Healy Willan Magnificat (unison, not the TTBB one)
Hendrick Andriessen Magnificat
Bryan Kelly Magnificat (from Evening Service in C) - fun Latin American flavor
CV Stanford: Mangificat from evening service in B-flat, or A or C
Harold Darke Magnificat in F
 
These are all generally shorter, 4-5 minutes, so you could do two of them.
 
 
 
Applauded by an audience of 1
on November 14, 2013 4:21am
Thank you very much, Thomas, 
 
I tried to listed to them all (I couldn't mocate one or two) and they are all wonderful !
My musical culture is boosted! :-)
on November 12, 2013 7:39pm
Dietrich Buxtehude: Magnificat Anima Mea.
Very nice and approximately 10 minutes in length.
Applauded by an audience of 1
on November 13, 2013 5:46am
Hello, you have Magnificat short and "easy" : Heinichen, Durante, Galuppi, Charpentier, Pachelbel.
Vincent Lecornier
French conductor
 
Applauded by an audience of 1
on November 14, 2013 4:27am
Bonjour Vincent, 
 
Merci pour votre commentaire,
 
En fait, j'ai déjà inclus dans mon programme ceux de Durante (Pergolessi) et Pachelbel... cependant, mes choristes trouvent le Pachelbel "dur et pas accrochant" :-S
Je vais de suite chercher celui de Heinichen (comme la bière ??)
Je crois que celui de Charpentier c'est le fameux Magnificat en Do avec des trumpettes et timbales, n'est-ce pas ?
En tout cas, merci beaucoup pour votre apport Vincent et très bonne continuation avec votre chorale. 
Carlos
on November 16, 2013 7:36am
There are 10 Charpentier Magnificats.  You may be referring to H.74?  It's about 20 minutes long, and perhaps more challenging.  He has some shorter and less challenging Magnificats as well.  I think the Magnificat, H.73 is just about 10 minutes in length.  It's written for ATB voices with two treble instruments and continuo.  
 
Here is a performance of H73:
 
Best of luck!
Joel
Applauded by an audience of 1
on November 17, 2013 3:20am
Thank very much Joel!
 
I just listened to Charpentier's H73 in the exquisite version you recommended... it's a sublime piece more adapted for soloists that for a choir of middle-aged adults, with a large soprano section which would remain idle... nevertheless, I will bookmark the YouTube link preciously. I loved this version.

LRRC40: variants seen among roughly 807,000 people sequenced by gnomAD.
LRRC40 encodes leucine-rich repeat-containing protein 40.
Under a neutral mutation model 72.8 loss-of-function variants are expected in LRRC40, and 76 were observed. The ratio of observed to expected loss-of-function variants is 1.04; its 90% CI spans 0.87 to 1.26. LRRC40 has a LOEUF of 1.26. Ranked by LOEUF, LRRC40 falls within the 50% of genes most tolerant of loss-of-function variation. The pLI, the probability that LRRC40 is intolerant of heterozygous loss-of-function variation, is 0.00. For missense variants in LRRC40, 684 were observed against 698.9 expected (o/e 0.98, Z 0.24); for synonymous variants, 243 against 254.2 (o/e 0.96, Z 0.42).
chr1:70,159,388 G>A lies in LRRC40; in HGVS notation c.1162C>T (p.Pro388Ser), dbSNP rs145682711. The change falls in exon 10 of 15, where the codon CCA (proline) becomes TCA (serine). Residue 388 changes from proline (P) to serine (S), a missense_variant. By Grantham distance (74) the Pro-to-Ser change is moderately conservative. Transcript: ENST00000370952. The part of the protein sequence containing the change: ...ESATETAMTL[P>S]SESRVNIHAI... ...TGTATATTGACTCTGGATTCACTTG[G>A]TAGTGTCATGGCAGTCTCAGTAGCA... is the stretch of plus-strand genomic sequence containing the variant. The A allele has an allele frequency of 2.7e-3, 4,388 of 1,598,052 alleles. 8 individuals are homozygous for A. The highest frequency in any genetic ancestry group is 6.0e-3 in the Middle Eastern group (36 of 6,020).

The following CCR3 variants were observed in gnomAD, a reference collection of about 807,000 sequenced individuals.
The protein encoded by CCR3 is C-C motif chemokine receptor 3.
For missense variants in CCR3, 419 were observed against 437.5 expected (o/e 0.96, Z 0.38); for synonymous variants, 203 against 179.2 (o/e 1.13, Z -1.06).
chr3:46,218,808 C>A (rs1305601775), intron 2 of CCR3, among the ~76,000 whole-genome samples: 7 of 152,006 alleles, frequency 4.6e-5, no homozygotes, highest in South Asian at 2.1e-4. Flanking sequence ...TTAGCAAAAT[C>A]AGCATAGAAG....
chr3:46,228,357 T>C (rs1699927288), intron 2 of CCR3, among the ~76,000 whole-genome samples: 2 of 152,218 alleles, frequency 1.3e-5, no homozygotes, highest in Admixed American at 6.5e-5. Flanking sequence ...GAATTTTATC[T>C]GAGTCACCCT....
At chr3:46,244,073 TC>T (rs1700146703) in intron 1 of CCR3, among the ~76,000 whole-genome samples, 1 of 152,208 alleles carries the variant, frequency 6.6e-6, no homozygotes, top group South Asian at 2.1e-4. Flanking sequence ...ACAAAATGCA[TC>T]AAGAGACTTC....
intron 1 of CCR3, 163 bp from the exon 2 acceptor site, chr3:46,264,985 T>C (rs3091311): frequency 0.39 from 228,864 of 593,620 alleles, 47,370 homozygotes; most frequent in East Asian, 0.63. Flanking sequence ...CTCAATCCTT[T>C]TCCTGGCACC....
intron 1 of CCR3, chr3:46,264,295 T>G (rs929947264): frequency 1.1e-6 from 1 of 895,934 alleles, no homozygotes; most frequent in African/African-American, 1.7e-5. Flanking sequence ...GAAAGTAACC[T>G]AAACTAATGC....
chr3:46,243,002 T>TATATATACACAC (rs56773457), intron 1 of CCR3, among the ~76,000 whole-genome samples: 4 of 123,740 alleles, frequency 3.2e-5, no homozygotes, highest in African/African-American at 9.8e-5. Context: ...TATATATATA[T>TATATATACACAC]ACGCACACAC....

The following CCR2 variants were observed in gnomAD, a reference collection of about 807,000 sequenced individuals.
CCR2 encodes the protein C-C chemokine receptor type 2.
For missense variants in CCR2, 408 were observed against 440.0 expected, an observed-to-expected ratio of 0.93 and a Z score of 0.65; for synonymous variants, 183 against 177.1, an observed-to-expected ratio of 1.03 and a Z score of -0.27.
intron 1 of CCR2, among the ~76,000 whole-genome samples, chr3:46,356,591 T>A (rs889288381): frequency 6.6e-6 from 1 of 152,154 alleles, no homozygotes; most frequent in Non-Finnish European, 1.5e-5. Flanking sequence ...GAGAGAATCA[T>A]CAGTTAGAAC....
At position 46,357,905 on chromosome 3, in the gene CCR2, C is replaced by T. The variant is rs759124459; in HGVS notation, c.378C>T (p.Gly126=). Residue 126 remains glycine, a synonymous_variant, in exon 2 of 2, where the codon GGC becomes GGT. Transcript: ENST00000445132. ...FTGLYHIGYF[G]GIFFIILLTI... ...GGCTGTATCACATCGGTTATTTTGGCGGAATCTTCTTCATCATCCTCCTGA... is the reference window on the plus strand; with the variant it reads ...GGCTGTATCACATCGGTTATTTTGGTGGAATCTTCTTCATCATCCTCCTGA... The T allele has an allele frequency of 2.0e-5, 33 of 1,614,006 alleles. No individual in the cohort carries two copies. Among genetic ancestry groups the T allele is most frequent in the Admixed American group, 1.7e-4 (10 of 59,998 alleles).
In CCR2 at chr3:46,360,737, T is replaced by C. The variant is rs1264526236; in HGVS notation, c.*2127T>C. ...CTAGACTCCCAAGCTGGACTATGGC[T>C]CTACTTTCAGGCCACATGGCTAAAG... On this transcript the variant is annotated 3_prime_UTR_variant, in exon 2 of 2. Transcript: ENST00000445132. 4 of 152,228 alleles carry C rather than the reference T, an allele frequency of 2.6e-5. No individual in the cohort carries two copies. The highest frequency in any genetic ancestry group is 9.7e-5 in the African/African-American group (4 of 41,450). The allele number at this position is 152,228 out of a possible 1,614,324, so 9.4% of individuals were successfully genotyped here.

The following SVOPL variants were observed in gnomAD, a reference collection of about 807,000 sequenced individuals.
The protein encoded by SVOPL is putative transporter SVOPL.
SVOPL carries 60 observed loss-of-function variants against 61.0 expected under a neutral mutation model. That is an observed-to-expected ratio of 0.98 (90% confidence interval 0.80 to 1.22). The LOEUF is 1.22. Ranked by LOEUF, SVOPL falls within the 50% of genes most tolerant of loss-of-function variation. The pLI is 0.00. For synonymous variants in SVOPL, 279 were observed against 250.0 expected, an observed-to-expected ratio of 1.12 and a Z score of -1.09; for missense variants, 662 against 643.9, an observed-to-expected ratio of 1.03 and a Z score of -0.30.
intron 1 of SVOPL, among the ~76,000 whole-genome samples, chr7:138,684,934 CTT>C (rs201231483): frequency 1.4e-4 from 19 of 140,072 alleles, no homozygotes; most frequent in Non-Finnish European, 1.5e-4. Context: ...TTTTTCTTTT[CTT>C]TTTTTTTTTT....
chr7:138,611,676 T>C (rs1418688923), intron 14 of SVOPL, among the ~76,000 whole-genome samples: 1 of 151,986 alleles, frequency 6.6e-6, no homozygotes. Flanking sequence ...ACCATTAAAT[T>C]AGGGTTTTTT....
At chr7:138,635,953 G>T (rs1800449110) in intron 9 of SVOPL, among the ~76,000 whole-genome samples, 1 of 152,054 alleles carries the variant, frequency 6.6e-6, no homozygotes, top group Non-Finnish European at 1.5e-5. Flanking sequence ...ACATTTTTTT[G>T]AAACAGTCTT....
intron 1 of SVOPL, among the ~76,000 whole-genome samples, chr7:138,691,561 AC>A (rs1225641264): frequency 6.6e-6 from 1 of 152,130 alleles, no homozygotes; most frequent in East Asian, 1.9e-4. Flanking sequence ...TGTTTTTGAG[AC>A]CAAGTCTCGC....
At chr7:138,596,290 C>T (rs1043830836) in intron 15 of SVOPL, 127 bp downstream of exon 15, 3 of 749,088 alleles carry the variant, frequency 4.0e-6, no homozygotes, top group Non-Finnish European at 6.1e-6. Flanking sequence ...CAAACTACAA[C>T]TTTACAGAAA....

Thank you!
Carlos
on November 15, 2013 5:50am
Sorry to hear you don't like the Durante/Pergolesi.
This recording sold me on it:   http://www.youtube.com/watch?v=pXS9ZqNb3cA
However it is tough to pull it off in the transparent style we hear on this recording.
 
There are many fine suggestions from others. I am just listening through some of Anglican compositions folks suggested.
Good luck.
 
L
Applauded by an audience of 1
on November 17, 2013 3:26am
Thank you L, 
 
Indeed, the recording you propose is a very refined one, a sound unattainable for my choir. 
I didn't mean exactly that I dont find this work appealing, what I really meant was that later on the piece there are long episodes of thick couterpoint that my senior choristers find difficult to memorise and swallow... which translates in an enormous amount of effort from me. 
Thanks again!
Carlos
on November 16, 2013 5:40am
Bonjour Carlos,
 
Charpentier a écrit plusieurs Magnificat. Celui en sol H (78) est beaucoup plus abordable (même facile!). Je l'ai monté il y a longtemps et dois encore disposer du matériel.
 
Si vous voulez avoir une vue d'ensemble sur "les" Magnificat(s), allez donc sur la banque de données Musica ( http://www.musicanet.org) et tapez simplement "Magnificat" comme titre.
Difficulté, effectif instrumental, parfois extrait sonore ou vidéo, tout y est.
 
Il y a de quoi passer des soirées d'hiver...
 
Bonne continuation
Jean Sturm
on November 17, 2013 3:31am
Bonjour Jean, 
 
Merci beaucoup de m'avoir écrit !
J'ai essayé tout d'abord de trouver une version acceptable du H78 sur Youtube mais ce ne fut pas le cas. Connaisez-en vous une ? 
Je tiens à vous remercier pour le "magnificat" lien que vous m'avez proposé (musicanet), dont je ne connaisais pas son existence... et oui, j'y passerai pas mal de soirées d'hiver !
Je voius souhaite une très bonne continuation à vous aussi !
Carlos
on November 23, 2013 2:03pm
I sang Vivaldi's "Magnificat" with my choir about two years ago. We're ameteurs and we had strings play along with us. It was fun and challenging. I'm not sure if it will be too difficult or not, as there are some movements that are pretty hard unless you learn them really well and do a lot of woodshetting to keep it clean. (Namely, the Deposuit Potentes movement, holy smokes! It was easy for me once I got it, but a lot of people struggled. We nailed it at the performance, though! :))
 
On the brightest side, the movements for this piece are VERY short!